March 2, 2013
Let me begin with the bad. After a whole bunch of thought and racking my brain about what my passions are, I've decided to stop posting new content to Young Adult Financial, at least for the time being. I've had a great time writing articles and (hopefully) helping people make better financial decisions, and I've especially enjoyed interacting with the different readers who have reached out to me for help, but it's time for me to take a break from this and try to apply my financial skills in other domains. I apologize for not posting more often this past month while I worked out my decision--I've been exploring all sorts of related paths, and I wanted to make sure that I really nailed down my plan before posting anything final.
Which brings me into the first bit of good news: I will be joining the Intercollegiate Finance Journal as their Head of Content, helping to make financial issues more relevant to college students. It's definitely a work-in-progress as of now, but I'm excited about the journal's leadership and its potential scope in helping students think about how financial issues affect them. If you have any ideas about how financial publications could be better suited for students, or if you'd like to get involved, please don't hesitate to contact me!
I also have a second bit of good news: I will continue checking the Young Adult Financial email address, and I am more than happy to continue talking with readers who have financial questions. As per the usual, I'm not a lawyer or certified financial adviser, so I can't promise that my thoughts are anywhere near comprehensive, but if you're just looking to talk to another young person about a financial issue that you're dealing with, I've still got your back. I plan to keep that portion running for as long as people continue to reach out, so feel more than free to send me your questions.
That's it for now. I've had a blast running the site, and I'll be leaving it up as a resource in case you ever need to refer back to it. For now, I wish you the best of luck in handling whatever financial situations may come your way!
February 6, 2013
Spring is coming up quickly, and lots of young people are gearing up for applications, interviews, and—hopefully—the coveted spring internship. Some of these internships will provide genuinely great learning experiences: you’ll get to see the inner-workings of an organization, and you’ll be more prepared for similar work later in your life. Of course, some of these internships aren’t valued just for the learning opportunities they provide. Instead, many young people will pursue these internships and achievements simply to pad their resumes—perhaps en route to their next internship, or even toward an eventual job.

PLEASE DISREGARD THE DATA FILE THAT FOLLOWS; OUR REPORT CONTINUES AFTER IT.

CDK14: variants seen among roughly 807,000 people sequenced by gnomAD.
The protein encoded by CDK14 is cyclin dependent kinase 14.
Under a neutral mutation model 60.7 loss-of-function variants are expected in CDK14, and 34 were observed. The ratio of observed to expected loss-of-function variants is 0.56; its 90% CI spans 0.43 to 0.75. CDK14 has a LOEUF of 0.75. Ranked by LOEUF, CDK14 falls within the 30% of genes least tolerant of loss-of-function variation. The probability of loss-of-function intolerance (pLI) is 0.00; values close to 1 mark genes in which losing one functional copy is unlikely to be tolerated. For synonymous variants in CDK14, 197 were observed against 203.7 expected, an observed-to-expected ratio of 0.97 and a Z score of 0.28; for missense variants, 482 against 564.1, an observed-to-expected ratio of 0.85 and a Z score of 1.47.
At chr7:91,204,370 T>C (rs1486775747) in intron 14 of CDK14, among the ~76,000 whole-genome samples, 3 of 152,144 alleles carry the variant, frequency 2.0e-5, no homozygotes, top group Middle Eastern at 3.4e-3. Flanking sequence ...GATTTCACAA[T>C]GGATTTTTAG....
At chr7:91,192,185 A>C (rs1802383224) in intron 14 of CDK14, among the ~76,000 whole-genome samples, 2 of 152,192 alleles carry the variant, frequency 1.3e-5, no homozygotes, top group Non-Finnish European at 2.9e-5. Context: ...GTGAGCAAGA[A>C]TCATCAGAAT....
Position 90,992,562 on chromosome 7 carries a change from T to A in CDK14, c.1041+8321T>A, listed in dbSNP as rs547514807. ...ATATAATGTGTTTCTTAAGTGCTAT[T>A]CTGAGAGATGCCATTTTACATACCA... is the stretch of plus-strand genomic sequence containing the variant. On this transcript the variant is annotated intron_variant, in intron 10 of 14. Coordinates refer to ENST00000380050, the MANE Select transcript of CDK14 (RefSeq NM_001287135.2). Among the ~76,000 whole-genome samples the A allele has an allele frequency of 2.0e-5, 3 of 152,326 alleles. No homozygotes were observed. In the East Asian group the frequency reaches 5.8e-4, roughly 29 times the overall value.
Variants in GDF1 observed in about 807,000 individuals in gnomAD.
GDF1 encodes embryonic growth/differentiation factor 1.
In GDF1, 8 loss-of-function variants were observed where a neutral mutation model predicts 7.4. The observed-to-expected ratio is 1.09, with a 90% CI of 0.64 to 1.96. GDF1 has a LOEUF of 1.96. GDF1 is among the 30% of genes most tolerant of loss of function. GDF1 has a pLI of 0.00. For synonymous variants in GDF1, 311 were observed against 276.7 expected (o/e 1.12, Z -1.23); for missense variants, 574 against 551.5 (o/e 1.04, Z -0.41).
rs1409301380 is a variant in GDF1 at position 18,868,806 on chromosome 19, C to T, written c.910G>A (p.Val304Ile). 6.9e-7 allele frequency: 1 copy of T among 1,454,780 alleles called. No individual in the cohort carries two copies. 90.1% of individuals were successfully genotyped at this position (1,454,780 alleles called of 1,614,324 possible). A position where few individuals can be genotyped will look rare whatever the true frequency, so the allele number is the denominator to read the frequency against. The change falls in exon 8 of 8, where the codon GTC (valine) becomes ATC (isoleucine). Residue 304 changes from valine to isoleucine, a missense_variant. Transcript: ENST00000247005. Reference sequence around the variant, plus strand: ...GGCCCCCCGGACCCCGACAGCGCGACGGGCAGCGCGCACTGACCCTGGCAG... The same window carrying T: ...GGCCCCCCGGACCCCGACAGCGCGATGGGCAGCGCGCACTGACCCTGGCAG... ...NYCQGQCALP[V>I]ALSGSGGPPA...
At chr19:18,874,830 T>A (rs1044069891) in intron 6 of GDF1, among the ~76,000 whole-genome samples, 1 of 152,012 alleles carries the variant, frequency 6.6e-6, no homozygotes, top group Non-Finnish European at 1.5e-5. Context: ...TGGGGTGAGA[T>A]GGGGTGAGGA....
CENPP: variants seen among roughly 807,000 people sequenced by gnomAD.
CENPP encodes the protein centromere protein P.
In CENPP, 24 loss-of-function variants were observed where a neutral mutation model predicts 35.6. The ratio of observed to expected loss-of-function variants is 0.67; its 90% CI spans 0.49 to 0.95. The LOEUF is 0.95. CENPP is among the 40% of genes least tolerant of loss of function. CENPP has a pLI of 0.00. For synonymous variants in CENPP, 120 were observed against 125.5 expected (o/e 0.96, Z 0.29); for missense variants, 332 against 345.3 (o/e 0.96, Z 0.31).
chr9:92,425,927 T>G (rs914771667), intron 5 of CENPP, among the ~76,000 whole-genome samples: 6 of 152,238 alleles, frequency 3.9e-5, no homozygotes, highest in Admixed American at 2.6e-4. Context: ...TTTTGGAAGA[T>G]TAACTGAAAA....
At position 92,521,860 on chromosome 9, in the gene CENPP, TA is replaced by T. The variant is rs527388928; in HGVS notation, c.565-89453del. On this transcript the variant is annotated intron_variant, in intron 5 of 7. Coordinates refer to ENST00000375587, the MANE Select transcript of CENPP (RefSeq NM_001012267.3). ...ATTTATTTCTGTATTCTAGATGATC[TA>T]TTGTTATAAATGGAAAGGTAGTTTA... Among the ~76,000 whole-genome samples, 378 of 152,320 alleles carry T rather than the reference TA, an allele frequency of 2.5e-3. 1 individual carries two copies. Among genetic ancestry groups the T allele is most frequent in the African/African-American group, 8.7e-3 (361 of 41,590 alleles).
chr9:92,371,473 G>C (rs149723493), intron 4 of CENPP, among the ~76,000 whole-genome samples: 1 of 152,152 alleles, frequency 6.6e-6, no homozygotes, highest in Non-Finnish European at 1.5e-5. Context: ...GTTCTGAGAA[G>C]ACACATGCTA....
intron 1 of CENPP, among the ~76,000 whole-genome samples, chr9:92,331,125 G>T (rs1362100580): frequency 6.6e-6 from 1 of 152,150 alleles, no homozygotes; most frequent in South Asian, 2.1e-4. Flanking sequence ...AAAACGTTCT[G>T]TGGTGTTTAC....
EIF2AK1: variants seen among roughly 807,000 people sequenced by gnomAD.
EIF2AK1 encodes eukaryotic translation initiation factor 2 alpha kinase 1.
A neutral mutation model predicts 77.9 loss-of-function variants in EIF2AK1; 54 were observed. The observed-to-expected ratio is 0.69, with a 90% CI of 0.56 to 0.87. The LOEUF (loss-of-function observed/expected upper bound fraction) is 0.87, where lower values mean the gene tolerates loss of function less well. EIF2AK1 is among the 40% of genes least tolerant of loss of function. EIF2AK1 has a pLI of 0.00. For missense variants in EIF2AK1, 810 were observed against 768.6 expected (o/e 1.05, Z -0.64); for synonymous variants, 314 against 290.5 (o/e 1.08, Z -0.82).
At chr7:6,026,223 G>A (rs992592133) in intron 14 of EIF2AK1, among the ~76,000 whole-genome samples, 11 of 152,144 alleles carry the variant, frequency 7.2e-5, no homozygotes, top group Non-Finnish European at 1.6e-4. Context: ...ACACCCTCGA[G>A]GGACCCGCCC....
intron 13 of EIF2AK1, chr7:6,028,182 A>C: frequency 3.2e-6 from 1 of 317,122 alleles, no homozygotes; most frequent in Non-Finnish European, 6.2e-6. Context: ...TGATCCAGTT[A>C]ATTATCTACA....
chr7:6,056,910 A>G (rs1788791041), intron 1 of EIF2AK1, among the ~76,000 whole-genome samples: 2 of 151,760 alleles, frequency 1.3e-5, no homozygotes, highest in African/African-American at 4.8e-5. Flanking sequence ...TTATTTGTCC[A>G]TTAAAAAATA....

I’m not going to completely denounce resume-padding or pretend that I’ve never been drawn by its allure (taking on a lot of commitments—not lying, which is different). In a competitive economy, young people need any edge they can get, and having a noteworthy name on your resume can count for quite some bit. Still, there is a right way and a wrong way to go about building your resume, and going about it the right way will serve you much better in the future.
January 23, 2013
As we approach April, there are going to be more articles related to pressing time-sensitive issues—things like completing your taxes, saving for coming months, and getting ready for summer. For now, however, we’re going to continue with the theme of one of the financial resolutions for the New Year: saving more money.
Saving money can be tough when it means cutting down on your purchases, so thankfully there are other ways to save your money as well. Perhaps the easiest is using different discount opportunities available online, either to students or the general public, to buy things that you were going to buy anyway.
Of course, following through on this recommendation is not always simple; that’s where this article comes in handy.
January 16, 2013
It’s been a few weeks since the post about financial resolutions for the New Year. Have you been keeping up on yours? Or has something come up that’s caused you to “take a break,” “focus on something more important,” or just generally leave the pledge behind?
Setting New Year’s resolutions often seems appealing at the time, but by the end of January many people have left theirs behind. Some of the time this abandonment makes sense—you genuinely might not have time or interest in following through on your pledge—but other times this abandonment is an unfortunate loss of willpower that bumps up against our self-image. People don’t like to think of themselves as weak or lacking determination, so we rationalize our behavior with excuses and move on—even if it isn’t what’s best for us in the long-run.
With that said, how can you get back on track after leaving your resolution in the past? And in the future, what tactics can you use to help yourself stick to pledges that you want to uphold?
January 8, 2013
As the school year approaches, students are faced with a complicated (and costly) question: Should they buy their textbooks, or should they rent them? The College Board estimates that the average student will spend well over $1,000 on textbooks this year, and that number is on the rise since the year 2000.
Of course, students now have much better textbook shopping options than they did in the past. Before the rise of the Internet, students were essentially forced to use their school’s university bookstore. They had little power to turn elsewhere, and they could be gouged for higher prices because they needed the store’s books. The Internet, along with its third-party textbook vendors, sites for resale, and other technologies, changed that.